Now, we all perfectly aware that the vast majority of funding for political candidates comes from individuals, unions, charities, organizations and corporations that all expect to receive political favors in return for their contributions. The employees of large corporations that deal with the Department of Defense just might hesitate before voting for a pacifist candidate whose major platform was a reduction in defense spending! Does their vote somehow represent the will of the majority, or rather just the self-interest of the bribed?

Furthermore, we can generally recognize that a person who was raised in a totalitarian system and was bombarded with propaganda every waking hour might have a certain ideological ‘hangover’ from that level of indoctrination. Similarly, we can generally recognize that here in the West, children from the age of 5 to 18 are subjected to hours of direct state propaganda in public schools every single weekday – not even counting homework! (And, speaking as a writer who attended three universities and battled all the way through to a Master’s degree, the ideological horrors of modern universities are even worse!) This degree and depth of propaganda is rather astounding, and absolutely interferes with the ordinary citizens ability to accurately process and understand the causes and effects of state power.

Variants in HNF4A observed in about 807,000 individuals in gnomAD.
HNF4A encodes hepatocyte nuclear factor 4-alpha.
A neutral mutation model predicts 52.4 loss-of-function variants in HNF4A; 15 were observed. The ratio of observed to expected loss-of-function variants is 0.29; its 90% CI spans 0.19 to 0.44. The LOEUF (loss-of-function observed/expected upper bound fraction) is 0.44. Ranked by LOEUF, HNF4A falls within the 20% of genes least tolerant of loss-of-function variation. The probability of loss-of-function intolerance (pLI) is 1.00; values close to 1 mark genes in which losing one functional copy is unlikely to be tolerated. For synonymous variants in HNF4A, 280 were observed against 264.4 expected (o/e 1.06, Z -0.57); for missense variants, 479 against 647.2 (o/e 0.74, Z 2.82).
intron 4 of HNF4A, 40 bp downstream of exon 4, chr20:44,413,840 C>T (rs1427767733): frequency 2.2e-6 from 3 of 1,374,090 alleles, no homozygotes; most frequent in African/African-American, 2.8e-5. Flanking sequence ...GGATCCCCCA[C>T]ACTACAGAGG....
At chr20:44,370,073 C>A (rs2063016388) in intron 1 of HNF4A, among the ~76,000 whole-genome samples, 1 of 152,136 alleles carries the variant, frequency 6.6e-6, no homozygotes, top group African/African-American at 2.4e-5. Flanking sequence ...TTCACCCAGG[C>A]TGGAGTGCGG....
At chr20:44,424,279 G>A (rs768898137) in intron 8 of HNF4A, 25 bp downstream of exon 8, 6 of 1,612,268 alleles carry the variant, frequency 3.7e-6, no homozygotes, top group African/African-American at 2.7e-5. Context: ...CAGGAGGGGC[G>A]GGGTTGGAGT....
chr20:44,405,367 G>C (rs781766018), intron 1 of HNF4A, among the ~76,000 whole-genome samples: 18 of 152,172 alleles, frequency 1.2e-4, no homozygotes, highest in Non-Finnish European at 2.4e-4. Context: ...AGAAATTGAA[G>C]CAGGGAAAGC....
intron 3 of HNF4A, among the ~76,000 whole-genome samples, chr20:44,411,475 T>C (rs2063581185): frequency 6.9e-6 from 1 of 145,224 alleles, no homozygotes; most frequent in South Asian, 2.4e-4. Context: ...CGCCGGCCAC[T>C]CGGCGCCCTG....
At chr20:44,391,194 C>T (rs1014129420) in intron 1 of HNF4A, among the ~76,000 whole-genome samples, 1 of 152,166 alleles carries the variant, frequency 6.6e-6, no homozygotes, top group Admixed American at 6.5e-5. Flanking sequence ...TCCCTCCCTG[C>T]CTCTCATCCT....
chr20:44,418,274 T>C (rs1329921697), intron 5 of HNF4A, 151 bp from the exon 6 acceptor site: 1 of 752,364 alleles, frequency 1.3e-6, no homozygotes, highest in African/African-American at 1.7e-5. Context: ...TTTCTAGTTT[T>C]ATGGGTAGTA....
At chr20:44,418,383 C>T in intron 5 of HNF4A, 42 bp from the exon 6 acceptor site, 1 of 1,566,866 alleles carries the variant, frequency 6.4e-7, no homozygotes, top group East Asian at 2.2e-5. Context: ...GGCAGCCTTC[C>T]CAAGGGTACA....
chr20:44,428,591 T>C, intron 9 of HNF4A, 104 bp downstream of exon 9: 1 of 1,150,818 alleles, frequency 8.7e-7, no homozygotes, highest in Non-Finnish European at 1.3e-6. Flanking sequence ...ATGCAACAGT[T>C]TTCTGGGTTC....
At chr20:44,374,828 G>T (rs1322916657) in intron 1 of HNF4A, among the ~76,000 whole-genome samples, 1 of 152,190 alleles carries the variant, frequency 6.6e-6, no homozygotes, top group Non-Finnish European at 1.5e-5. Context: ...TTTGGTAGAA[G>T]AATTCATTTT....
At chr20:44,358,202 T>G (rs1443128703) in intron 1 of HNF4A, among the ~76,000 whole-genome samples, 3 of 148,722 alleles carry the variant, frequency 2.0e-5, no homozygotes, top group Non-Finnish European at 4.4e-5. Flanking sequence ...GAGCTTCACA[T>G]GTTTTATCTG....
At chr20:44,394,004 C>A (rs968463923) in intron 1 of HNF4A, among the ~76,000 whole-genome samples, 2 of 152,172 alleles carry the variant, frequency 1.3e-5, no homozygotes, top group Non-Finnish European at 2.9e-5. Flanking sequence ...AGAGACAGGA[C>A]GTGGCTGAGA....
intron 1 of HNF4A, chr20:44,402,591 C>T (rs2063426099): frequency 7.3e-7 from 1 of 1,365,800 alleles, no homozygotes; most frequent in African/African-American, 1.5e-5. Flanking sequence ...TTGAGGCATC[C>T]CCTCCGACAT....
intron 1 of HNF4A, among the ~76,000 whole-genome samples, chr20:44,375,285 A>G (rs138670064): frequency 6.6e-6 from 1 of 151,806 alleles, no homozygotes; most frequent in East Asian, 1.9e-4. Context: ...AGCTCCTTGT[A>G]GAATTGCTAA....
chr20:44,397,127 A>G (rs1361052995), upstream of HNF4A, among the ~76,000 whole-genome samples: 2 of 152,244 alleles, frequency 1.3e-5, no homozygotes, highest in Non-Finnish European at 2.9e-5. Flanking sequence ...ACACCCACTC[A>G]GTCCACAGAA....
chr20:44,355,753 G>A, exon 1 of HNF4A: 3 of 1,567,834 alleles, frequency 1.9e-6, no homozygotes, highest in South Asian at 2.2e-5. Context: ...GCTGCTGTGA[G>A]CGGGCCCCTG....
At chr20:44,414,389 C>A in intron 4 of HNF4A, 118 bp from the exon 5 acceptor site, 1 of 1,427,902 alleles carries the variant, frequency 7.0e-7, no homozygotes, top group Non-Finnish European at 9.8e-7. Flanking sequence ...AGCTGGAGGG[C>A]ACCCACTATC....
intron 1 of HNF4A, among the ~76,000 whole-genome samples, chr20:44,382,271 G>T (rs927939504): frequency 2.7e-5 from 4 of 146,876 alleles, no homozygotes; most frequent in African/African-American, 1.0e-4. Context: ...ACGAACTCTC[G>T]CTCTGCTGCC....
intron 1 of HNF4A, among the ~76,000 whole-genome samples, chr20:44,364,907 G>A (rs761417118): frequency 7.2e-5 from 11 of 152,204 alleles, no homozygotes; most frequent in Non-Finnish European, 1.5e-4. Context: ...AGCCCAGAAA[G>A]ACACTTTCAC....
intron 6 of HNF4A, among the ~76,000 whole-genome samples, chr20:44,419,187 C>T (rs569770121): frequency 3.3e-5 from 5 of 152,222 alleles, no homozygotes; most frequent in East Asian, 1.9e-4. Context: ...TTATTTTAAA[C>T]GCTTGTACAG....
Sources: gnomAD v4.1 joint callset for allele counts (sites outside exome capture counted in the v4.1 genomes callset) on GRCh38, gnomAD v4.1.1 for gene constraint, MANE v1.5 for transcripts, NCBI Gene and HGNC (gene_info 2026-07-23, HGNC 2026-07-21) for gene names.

Thus even if all of the above points are provable, as long as state education continues to indoctrinate children for a dozen or more years, majority opinion can in no way be said to reflect the unbiased opinion of that majority. That would be equivalent to saying that paying a kidnapper to free your child is the same as a voluntary transaction.

Thus, overall, until the above points are all proven in sequence – and the problem of relativistic morality raised by an absolute obedience to the will of the majority is also resolved – we can safely say that any and all ‘love it or leave it’ arguments are entirely false, and morally corrupt. (As a side note, it is both sad and funny that Americans use this argument, which if accepted in Colonial times, would have stopped the Founding Fathers in their tracks and forced them to obey the British government or leave the Colonies!)

Unfettered allegiance to political power in any form is at the root of the moral corruption so evident in the 20th century, when at least 170 million people were murdered by those obeying government edicts. If genocide is something to be opposed, then we must all equally oppose the moral corruption of the ‘love it or leave it’ argument.

Stefan Molynuex, is the host of Freedomain Radio (www.freedomainradio.com), the most popular philosophy site on the Internet, and a "Top 10" Finalist in the 2007-2010 Podcast Awards.

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May 2024